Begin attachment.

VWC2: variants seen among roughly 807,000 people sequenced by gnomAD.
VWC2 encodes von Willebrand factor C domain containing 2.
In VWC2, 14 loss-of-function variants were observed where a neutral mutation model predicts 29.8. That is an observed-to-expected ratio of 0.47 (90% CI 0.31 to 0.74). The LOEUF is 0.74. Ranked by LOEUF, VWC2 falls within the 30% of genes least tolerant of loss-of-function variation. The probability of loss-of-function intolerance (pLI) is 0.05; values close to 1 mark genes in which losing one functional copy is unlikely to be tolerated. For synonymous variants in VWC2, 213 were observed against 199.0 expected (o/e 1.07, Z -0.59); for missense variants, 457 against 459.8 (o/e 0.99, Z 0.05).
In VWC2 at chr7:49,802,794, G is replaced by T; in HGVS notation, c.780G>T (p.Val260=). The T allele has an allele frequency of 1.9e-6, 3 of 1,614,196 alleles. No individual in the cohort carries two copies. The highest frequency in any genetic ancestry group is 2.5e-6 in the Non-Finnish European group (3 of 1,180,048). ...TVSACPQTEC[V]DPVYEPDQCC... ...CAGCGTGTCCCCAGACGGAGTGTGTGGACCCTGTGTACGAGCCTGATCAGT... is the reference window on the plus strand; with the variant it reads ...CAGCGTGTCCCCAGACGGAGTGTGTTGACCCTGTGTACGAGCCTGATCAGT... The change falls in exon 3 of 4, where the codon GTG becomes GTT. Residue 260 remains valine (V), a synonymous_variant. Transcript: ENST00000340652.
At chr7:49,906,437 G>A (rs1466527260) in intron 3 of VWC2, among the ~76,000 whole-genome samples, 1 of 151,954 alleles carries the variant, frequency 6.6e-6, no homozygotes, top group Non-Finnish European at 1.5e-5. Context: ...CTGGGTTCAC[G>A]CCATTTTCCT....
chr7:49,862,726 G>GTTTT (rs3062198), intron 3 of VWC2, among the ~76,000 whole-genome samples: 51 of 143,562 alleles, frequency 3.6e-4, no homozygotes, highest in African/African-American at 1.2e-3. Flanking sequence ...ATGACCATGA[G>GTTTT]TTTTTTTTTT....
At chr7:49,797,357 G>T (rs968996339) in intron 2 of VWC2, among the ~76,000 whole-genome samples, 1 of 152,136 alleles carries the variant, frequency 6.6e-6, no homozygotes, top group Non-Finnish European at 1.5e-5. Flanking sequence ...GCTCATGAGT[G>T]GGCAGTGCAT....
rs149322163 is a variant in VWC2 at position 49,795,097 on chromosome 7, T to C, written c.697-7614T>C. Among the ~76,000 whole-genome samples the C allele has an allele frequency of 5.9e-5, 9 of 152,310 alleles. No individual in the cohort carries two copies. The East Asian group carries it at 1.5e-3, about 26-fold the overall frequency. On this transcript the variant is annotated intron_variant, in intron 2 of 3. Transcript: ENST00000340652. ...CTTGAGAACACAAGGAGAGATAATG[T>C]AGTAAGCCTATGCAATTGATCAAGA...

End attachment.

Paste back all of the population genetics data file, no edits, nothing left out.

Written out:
VWC2: variants seen among roughly 807,000 people sequenced by gnomAD.
VWC2 encodes von Willebrand factor C domain containing 2.
In VWC2, 14 loss-of-function variants were observed where a neutral mutation model predicts 29.8. That is an observed-to-expected ratio of 0.47 (90% CI 0.31 to 0.74). The LOEUF is 0.74. Ranked by LOEUF, VWC2 falls within the 30% of genes least tolerant of loss-of-function variation. The probability of loss-of-function intolerance (pLI) is 0.05; values close to 1 mark genes in which losing one functional copy is unlikely to be tolerated. For synonymous variants in VWC2, 213 were observed against 199.0 expected (o/e 1.07, Z -0.59); for missense variants, 457 against 459.8 (o/e 0.99, Z 0.05).
In VWC2 at chr7:49,802,794, G is replaced by T; in HGVS notation, c.780G>T (p.Val260=). The T allele has an allele frequency of 1.9e-6, 3 of 1,614,196 alleles. No individual in the cohort carries two copies. The highest frequency in any genetic ancestry group is 2.5e-6 in the Non-Finnish European group (3 of 1,180,048). ...TVSACPQTEC[V]DPVYEPDQCC... ...CAGCGTGTCCCCAGACGGAGTGTGTGGACCCTGTGTACGAGCCTGATCAGT... is the reference window on the plus strand; with the variant it reads ...CAGCGTGTCCCCAGACGGAGTGTGTTGACCCTGTGTACGAGCCTGATCAGT... The change falls in exon 3 of 4, where the codon GTG becomes GTT. Residue 260 remains valine (V), a synonymous_variant. Transcript: ENST00000340652.
At chr7:49,906,437 G>A (rs1466527260) in intron 3 of VWC2, among the ~76,000 whole-genome samples, 1 of 151,954 alleles carries the variant, frequency 6.6e-6, no homozygotes, top group Non-Finnish European at 1.5e-5. Context: ...CTGGGTTCAC[G>A]CCATTTTCCT....
chr7:49,862,726 G>GTTTT (rs3062198), intron 3 of VWC2, among the ~76,000 whole-genome samples: 51 of 143,562 alleles, frequency 3.6e-4, no homozygotes, highest in African/African-American at 1.2e-3. Flanking sequence ...ATGACCATGA[G>GTTTT]TTTTTTTTTT....
At chr7:49,797,357 G>T (rs968996339) in intron 2 of VWC2, among the ~76,000 whole-genome samples, 1 of 152,136 alleles carries the variant, frequency 6.6e-6, no homozygotes, top group Non-Finnish European at 1.5e-5. Flanking sequence ...GCTCATGAGT[G>T]GGCAGTGCAT....
rs149322163 is a variant in VWC2 at position 49,795,097 on chromosome 7, T to C, written c.697-7614T>C. Among the ~76,000 whole-genome samples the C allele has an allele frequency of 5.9e-5, 9 of 152,310 alleles. No individual in the cohort carries two copies. The East Asian group carries it at 1.5e-3, about 26-fold the overall frequency. On this transcript the variant is annotated intron_variant, in intron 2 of 3. Transcript: ENST00000340652. ...CTTGAGAACACAAGGAGAGATAATG[T>C]AGTAAGCCTATGCAATTGATCAAGA...